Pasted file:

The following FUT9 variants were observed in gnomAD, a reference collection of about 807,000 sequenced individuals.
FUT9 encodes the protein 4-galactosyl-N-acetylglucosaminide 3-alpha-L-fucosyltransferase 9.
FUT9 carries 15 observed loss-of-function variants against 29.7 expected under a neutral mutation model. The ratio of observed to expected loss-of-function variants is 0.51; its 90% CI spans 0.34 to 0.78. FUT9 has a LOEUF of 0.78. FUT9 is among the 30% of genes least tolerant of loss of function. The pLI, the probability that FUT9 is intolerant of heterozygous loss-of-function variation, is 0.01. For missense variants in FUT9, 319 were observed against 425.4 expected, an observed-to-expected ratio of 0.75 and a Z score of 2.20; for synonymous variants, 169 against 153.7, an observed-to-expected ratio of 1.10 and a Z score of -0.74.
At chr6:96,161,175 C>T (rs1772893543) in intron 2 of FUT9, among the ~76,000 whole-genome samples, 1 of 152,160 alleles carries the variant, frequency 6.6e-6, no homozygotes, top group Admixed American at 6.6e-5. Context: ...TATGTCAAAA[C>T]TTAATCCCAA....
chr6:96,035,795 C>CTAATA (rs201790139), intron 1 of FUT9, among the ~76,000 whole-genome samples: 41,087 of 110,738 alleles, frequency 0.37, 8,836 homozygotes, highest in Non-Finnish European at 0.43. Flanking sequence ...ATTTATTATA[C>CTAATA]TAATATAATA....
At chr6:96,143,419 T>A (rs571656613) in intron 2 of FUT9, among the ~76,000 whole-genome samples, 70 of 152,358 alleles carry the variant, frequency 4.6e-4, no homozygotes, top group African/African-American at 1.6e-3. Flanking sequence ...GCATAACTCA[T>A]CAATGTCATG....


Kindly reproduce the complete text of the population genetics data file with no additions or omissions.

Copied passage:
The following FUT9 variants were observed in gnomAD, a reference collection of about 807,000 sequenced individuals.
FUT9 encodes the protein 4-galactosyl-N-acetylglucosaminide 3-alpha-L-fucosyltransferase 9.
FUT9 carries 15 observed loss-of-function variants against 29.7 expected under a neutral mutation model. The ratio of observed to expected loss-of-function variants is 0.51; its 90% CI spans 0.34 to 0.78. FUT9 has a LOEUF of 0.78. FUT9 is among the 30% of genes least tolerant of loss of function. The pLI, the probability that FUT9 is intolerant of heterozygous loss-of-function variation, is 0.01. For missense variants in FUT9, 319 were observed against 425.4 expected, an observed-to-expected ratio of 0.75 and a Z score of 2.20; for synonymous variants, 169 against 153.7, an observed-to-expected ratio of 1.10 and a Z score of -0.74.
At chr6:96,161,175 C>T (rs1772893543) in intron 2 of FUT9, among the ~76,000 whole-genome samples, 1 of 152,160 alleles carries the variant, frequency 6.6e-6, no homozygotes, top group Admixed American at 6.6e-5. Context: ...TATGTCAAAA[C>T]TTAATCCCAA....
chr6:96,035,795 C>CTAATA (rs201790139), intron 1 of FUT9, among the ~76,000 whole-genome samples: 41,087 of 110,738 alleles, frequency 0.37, 8,836 homozygotes, highest in Non-Finnish European at 0.43. Flanking sequence ...ATTTATTATA[C>CTAATA]TAATATAATA....
At chr6:96,143,419 T>A (rs571656613) in intron 2 of FUT9, among the ~76,000 whole-genome samples, 70 of 152,358 alleles carry the variant, frequency 4.6e-4, no homozygotes, top group African/African-American at 1.6e-3. Flanking sequence ...GCATAACTCA[T>A]CAATGTCATG....